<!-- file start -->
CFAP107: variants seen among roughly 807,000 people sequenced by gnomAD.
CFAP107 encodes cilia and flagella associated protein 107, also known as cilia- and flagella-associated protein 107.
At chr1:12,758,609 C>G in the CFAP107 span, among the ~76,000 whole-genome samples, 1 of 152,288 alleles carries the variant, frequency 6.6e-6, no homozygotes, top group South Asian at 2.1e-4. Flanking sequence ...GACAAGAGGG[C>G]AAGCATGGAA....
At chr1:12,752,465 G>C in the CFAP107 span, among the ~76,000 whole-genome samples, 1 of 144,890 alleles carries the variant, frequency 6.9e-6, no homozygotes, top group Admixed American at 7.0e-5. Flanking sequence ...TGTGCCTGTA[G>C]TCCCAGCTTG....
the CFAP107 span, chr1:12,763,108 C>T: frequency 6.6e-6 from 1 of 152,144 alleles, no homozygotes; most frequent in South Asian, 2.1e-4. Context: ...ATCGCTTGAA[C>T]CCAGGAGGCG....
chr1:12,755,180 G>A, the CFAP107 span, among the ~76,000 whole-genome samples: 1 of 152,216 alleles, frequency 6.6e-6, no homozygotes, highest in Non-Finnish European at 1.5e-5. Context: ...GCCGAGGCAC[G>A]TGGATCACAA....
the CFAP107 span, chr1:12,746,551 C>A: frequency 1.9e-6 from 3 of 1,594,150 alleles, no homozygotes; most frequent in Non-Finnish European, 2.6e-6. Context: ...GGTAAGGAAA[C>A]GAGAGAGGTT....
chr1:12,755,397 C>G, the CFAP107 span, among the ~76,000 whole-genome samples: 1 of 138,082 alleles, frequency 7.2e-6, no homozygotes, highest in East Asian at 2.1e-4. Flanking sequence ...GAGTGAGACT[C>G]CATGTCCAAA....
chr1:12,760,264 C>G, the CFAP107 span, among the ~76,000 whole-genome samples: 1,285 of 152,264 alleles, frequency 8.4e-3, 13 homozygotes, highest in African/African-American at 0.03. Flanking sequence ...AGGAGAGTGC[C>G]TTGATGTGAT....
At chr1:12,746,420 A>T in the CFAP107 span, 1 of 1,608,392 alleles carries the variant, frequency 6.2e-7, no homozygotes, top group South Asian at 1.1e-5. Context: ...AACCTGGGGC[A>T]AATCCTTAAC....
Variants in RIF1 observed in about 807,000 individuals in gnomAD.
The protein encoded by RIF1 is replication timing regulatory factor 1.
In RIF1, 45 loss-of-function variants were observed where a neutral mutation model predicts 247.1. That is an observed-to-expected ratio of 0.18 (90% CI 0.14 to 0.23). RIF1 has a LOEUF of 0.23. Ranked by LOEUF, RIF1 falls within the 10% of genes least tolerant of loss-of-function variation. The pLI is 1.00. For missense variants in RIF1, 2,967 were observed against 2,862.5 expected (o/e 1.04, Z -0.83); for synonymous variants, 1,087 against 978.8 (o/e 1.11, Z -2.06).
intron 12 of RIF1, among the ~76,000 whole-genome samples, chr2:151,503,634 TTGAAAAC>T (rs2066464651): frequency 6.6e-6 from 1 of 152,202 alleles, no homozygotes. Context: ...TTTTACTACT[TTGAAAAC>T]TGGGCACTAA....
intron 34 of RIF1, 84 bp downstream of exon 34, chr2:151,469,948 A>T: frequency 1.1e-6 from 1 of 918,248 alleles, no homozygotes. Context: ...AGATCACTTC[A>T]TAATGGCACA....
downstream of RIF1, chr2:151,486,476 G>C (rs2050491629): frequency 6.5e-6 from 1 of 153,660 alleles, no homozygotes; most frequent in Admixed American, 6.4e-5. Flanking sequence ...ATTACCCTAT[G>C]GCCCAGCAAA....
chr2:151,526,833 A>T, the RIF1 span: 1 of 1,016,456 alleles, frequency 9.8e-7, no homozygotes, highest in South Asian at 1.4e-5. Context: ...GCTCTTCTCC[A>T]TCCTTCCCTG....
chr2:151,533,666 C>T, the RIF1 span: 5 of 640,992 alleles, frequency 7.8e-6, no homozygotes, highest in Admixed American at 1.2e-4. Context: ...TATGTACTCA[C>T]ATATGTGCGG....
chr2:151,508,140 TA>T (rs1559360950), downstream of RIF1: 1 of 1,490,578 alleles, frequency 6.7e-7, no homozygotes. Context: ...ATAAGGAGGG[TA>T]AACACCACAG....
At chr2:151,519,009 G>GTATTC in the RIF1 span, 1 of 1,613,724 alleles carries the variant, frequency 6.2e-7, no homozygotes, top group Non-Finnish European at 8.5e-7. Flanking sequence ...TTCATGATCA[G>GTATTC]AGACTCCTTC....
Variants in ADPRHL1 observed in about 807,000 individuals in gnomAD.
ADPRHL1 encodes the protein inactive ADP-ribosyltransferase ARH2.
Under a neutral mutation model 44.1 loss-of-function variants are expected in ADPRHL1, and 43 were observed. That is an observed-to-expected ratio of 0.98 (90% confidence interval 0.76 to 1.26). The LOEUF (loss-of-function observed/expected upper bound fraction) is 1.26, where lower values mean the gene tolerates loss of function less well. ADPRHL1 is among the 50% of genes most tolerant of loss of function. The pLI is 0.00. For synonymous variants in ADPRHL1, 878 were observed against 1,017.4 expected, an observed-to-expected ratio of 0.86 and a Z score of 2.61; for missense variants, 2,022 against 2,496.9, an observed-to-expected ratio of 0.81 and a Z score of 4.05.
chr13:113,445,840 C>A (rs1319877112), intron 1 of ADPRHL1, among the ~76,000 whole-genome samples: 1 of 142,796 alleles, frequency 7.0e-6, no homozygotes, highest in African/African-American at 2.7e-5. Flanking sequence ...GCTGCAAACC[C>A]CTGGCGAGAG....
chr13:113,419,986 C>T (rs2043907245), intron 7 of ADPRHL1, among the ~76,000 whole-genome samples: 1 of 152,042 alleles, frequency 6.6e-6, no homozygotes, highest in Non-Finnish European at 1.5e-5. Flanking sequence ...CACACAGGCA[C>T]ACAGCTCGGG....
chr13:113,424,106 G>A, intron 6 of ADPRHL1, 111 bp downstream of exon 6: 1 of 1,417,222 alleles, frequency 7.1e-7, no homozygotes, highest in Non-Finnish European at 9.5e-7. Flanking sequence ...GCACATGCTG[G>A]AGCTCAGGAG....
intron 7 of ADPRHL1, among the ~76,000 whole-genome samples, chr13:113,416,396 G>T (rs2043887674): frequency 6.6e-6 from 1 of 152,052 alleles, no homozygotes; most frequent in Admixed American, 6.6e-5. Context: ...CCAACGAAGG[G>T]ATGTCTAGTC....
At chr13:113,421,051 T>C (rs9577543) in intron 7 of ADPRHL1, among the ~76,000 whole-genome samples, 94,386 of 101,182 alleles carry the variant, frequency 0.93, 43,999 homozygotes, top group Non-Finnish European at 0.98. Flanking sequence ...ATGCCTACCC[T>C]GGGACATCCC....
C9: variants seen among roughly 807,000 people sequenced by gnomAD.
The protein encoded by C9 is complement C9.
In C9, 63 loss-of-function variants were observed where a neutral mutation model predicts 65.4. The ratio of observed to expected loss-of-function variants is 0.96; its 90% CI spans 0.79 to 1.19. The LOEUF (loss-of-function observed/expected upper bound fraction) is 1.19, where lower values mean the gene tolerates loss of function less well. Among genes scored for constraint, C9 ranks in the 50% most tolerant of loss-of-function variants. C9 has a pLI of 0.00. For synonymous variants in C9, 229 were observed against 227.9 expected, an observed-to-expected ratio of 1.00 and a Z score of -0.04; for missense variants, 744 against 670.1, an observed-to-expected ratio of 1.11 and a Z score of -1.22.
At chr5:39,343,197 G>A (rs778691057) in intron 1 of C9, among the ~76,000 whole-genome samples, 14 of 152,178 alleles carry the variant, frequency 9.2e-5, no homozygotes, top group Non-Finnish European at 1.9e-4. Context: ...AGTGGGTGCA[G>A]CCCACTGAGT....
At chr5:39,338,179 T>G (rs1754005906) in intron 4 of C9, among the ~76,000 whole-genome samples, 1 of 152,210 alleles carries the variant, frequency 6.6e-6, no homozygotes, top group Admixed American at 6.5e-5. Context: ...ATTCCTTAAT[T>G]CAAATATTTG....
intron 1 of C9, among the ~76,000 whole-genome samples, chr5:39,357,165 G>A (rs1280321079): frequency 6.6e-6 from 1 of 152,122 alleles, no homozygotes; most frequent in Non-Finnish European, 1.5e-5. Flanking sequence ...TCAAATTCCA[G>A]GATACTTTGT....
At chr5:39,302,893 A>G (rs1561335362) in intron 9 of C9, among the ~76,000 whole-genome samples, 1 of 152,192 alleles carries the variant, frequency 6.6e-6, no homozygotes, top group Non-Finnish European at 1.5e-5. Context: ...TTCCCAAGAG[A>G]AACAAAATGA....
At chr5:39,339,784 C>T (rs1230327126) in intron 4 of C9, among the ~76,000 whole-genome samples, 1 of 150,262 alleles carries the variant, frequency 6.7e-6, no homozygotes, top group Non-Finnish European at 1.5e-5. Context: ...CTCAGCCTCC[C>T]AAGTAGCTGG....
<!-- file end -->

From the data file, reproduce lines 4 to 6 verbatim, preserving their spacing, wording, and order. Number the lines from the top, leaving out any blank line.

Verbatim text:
At chr1:12,752,465 G>C in the CFAP107 span, among the ~76,000 whole-genome samples, 1 of 144,890 alleles carries the variant, frequency 6.9e-6, no homozygotes, top group Admixed American at 7.0e-5. Flanking sequence ...TGTGCCTGTA[G>C]TCCCAGCTTG....
the CFAP107 span, chr1:12,763,108 C>T: frequency 6.6e-6 from 1 of 152,144 alleles, no homozygotes; most frequent in South Asian, 2.1e-4. Context: ...ATCGCTTGAA[C>T]CCAGGAGGCG....
chr1:12,755,180 G>A, the CFAP107 span, among the ~76,000 whole-genome samples: 1 of 152,216 alleles, frequency 6.6e-6, no homozygotes, highest in Non-Finnish European at 1.5e-5. Context: ...GCCGAGGCAC[G>A]TGGATCACAA....